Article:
Jury selection to begin in Proud Boys Jan. 6 sedition trial
Jury selection is expected to get underway Monday in the seditious conspiracy trial of former Proud Boys national chairman Enrique Tarrio and four other members of the extremist group.
Jury selection will get underway Monday in the seditious conspiracy trial of former Proud Boys national chairman Enrique Tarrio and four other members of the extremist group accused of plotting to attack the U.S. Capitol on Jan. 6, 2021, in a desperate bid to overturn President Joe Biden's victory.
Tarrio and four of his lieutenants are heading to trial in Washington just weeks after two leaders of another extremist group, the Oath Keepers, were convicted of seditious conspiracy in a major victory for the Justice Department's extensive Jan. 6 prosecution.
Tarrio is perhaps the highest-profile defendant to face jurors yet in the attack that halted the certification of Biden's win, left dozens of police officers injured and led to nearly 1,000 arrests. Tarrio, of Miami, and the others — Ethan Nordean, Zachary Rehl, Dominic Pezzola and Joseph Biggs — are charged with several other crimes in addition to seditious conspiracy.
If convicted of sedition, they could face up to 20 years in prison. Jury selection is likely to take several days and the trial is expected to last at least six weeks.
Tarrio wasn't in Washington on Jan. 6 because he had been arrested two days earlier on charges that he vandalized a Black Lives Matter banner at a historic Black church during a protest in December 2020. But prosecutors say he was the leader of a conspiracy to stop the transfer of power from President Donald Trump to Biden.
Days before the riot, Tarrio posted on social media about “revolution," according to court papers. Citing what they alleged was an encrypted message group created by Tarrio, authorities say members discussed attacking the Capitol. One message said: “Time to stack those bodies in front of Capitol Hill.” Another asked whether people were going to “push thru police lines and storm the capitol buildings?”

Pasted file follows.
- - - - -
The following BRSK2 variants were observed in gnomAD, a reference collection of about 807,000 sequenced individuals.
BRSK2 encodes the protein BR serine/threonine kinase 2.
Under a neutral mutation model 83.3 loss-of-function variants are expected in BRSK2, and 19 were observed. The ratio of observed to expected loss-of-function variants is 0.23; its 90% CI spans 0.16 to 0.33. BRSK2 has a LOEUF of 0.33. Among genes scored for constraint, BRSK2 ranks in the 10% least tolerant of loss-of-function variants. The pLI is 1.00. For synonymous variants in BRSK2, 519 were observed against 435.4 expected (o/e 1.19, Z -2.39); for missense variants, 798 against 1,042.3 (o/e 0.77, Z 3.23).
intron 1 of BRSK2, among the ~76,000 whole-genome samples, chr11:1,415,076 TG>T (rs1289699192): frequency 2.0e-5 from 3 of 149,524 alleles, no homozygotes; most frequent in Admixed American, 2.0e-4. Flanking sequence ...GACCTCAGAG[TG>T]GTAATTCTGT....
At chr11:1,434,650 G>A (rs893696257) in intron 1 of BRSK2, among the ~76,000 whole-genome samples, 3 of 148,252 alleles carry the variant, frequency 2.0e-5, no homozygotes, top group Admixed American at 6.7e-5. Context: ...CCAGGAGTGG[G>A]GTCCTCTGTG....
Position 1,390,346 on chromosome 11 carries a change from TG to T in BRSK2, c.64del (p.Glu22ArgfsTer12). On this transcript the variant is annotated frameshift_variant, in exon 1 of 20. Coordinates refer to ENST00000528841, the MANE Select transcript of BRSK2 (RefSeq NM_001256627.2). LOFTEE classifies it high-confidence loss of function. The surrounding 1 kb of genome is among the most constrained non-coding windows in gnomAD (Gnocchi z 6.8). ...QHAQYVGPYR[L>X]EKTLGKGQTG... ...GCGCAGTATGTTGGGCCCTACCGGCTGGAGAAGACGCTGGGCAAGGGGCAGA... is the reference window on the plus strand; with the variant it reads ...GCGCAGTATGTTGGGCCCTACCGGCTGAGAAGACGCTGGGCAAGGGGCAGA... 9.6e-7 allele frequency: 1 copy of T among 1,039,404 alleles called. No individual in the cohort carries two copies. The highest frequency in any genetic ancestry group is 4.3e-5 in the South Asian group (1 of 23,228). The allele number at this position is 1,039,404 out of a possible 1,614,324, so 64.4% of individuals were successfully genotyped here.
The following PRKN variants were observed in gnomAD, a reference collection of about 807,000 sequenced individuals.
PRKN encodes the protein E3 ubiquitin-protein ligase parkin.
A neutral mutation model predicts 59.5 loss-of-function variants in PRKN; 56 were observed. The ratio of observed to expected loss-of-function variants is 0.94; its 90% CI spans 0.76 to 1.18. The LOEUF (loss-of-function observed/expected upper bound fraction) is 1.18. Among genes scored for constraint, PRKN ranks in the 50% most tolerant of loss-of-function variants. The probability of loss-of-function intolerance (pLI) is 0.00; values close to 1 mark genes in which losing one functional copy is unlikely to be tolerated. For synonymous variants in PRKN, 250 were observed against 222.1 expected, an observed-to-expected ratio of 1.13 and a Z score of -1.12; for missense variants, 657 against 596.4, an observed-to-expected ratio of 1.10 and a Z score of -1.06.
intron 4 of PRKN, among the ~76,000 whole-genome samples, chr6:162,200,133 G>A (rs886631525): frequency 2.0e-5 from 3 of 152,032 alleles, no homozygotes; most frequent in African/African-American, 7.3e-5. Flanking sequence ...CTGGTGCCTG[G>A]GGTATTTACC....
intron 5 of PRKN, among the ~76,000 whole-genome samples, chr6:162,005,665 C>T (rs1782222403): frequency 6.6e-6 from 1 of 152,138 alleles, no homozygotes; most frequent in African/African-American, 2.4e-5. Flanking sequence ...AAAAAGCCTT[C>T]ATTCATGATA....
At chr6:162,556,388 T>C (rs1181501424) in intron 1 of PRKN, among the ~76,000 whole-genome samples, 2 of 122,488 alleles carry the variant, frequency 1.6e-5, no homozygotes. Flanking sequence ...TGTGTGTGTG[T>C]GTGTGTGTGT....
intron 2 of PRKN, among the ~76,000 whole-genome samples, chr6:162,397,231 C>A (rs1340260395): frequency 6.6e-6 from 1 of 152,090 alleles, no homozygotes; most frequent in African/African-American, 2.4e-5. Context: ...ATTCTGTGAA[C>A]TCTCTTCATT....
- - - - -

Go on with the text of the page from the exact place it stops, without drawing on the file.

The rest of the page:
Prosecutors allege that even after his arrest, Tarrio kept command over the Proud Boys who attacked the Capitol on Jan. 6 and cheered on their actions from afar. As rioters stormed the building, he posted “don't (expletive) leave” on social media, and then later “We did this...”
Nordean, Pezzola, Biggs and Rehl were part of the first wave of rioters to push onto Capitol grounds and charge past police barricades toward the building, according to prosecutors. Pezzola used a riot shield he stole from a Capitol police officer to break a window, allowing the first rioters to enter the building, prosecutors allege.
“January 6 will be a day in infamy,” Biggs said in a video outside the Capitol, according to court papers.
Nordean, of Auburn, Washington, was a Proud Boys chapter president; Biggs, of Ormond Beach, Florida, was a self-described Proud Boys organizer; Rehl was president of the Proud Boys chapter in Philadelphia; and Dominic Pezzola was a Proud Boys member from Rochester, New York.
Defense attorneys have denied that the Proud Boys leaders planned or led an attack on the Capitol.
Tarrio’s lawyers say he didn’t instruct or encourage anyone to go into the Capitol or engage in violent or destructive behavior. Nordean’s attorney accused the Justice Department of selective prosecution and targeting him based on his political associations and beliefs. Rehl’s lawyer asked the judge to toss the indictment on First Amendment grounds, arguing that the case rested solely on Rehl’s political views and free speech.
Another former Proud Boys leader, Jeremy Joseph Bertino, pleaded guilty to seditious conspiracy in October, and could testify against Tarrio and the others under a cooperation deal with the government.
Last month's guilty verdicts for Oath Keepers founder Stewart Rhodes and Florida chapter leader Kelly Meggs were the first seditious conspiracy trial convictions in decades. Seditious conspiracy, enacted after the Civil War to arrest Southerners who might keep fighting the U.S. government, has rarely been brought in recent memory, with mixed results.
Jurors acquitted three other Oath Keeper defendants of seditious conspiracy, although they were convicted of other crimes. Four others associated with the Oath Keepers are also currently standing trial for seditious conspiracy.